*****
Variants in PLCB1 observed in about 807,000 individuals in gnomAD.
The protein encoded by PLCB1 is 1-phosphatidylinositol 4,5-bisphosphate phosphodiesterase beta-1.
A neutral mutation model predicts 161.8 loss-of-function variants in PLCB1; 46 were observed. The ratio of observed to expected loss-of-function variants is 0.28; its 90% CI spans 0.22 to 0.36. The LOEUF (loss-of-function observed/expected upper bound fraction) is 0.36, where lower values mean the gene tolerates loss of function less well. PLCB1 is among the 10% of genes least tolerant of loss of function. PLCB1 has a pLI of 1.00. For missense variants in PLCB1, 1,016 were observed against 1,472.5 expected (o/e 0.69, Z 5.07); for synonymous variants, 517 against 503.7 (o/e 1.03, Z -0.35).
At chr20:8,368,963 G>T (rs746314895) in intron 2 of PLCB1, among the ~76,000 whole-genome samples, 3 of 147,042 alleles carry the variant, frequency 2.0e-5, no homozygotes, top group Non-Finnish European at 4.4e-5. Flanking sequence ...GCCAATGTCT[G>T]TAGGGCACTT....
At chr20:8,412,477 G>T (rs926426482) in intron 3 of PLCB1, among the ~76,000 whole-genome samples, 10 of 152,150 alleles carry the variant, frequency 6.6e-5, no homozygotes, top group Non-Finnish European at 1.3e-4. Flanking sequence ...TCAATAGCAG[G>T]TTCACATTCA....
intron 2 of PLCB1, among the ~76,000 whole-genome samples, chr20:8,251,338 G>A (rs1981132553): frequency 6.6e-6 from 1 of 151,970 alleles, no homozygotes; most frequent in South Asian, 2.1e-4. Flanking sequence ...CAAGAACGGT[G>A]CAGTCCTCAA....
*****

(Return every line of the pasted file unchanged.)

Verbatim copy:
Variants in PLCB1 observed in about 807,000 individuals in gnomAD.
The protein encoded by PLCB1 is 1-phosphatidylinositol 4,5-bisphosphate phosphodiesterase beta-1.
A neutral mutation model predicts 161.8 loss-of-function variants in PLCB1; 46 were observed. The ratio of observed to expected loss-of-function variants is 0.28; its 90% CI spans 0.22 to 0.36. The LOEUF (loss-of-function observed/expected upper bound fraction) is 0.36, where lower values mean the gene tolerates loss of function less well. PLCB1 is among the 10% of genes least tolerant of loss of function. PLCB1 has a pLI of 1.00. For missense variants in PLCB1, 1,016 were observed against 1,472.5 expected (o/e 0.69, Z 5.07); for synonymous variants, 517 against 503.7 (o/e 1.03, Z -0.35).
At chr20:8,368,963 G>T (rs746314895) in intron 2 of PLCB1, among the ~76,000 whole-genome samples, 3 of 147,042 alleles carry the variant, frequency 2.0e-5, no homozygotes, top group Non-Finnish European at 4.4e-5. Flanking sequence ...GCCAATGTCT[G>T]TAGGGCACTT....
At chr20:8,412,477 G>T (rs926426482) in intron 3 of PLCB1, among the ~76,000 whole-genome samples, 10 of 152,150 alleles carry the variant, frequency 6.6e-5, no homozygotes, top group Non-Finnish European at 1.3e-4. Flanking sequence ...TCAATAGCAG[G>T]TTCACATTCA....
intron 2 of PLCB1, among the ~76,000 whole-genome samples, chr20:8,251,338 G>A (rs1981132553): frequency 6.6e-6 from 1 of 151,970 alleles, no homozygotes; most frequent in South Asian, 2.1e-4. Flanking sequence ...CAAGAACGGT[G>A]CAGTCCTCAA....